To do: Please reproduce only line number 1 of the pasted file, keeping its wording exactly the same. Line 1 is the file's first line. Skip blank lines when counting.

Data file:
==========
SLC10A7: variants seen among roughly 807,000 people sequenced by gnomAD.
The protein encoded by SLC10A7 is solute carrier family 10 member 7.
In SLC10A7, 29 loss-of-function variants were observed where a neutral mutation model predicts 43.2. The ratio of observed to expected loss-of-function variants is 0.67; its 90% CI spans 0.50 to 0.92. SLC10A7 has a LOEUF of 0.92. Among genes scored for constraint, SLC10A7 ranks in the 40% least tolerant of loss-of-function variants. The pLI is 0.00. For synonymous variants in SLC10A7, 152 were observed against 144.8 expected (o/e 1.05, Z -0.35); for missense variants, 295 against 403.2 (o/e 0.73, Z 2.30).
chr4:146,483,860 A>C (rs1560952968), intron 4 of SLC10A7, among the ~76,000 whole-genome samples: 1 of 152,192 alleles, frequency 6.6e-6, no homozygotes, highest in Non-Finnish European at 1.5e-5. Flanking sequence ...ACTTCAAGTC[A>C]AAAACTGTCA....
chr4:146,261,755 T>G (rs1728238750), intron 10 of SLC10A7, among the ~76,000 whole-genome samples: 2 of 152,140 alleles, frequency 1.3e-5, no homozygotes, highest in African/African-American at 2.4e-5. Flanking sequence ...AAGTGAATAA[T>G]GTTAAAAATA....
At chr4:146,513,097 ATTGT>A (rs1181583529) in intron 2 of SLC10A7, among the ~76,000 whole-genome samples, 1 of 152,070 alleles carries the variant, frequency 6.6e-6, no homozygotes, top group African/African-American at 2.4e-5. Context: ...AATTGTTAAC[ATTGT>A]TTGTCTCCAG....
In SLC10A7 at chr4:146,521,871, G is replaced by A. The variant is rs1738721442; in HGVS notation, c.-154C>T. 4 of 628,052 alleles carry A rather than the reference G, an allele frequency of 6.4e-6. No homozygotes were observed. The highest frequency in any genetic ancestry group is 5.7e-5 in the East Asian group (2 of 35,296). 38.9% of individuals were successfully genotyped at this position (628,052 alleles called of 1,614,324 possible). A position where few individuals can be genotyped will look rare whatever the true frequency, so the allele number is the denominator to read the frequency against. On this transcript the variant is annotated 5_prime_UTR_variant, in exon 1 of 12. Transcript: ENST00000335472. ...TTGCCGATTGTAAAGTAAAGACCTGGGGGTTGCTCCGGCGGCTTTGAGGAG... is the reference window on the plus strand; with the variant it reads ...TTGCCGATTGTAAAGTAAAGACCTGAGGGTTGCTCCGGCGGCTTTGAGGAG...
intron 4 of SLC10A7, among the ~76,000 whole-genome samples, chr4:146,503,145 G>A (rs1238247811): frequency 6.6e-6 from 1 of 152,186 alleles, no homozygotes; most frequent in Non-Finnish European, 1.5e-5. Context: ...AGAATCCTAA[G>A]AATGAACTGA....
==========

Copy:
SLC10A7: variants seen among roughly 807,000 people sequenced by gnomAD.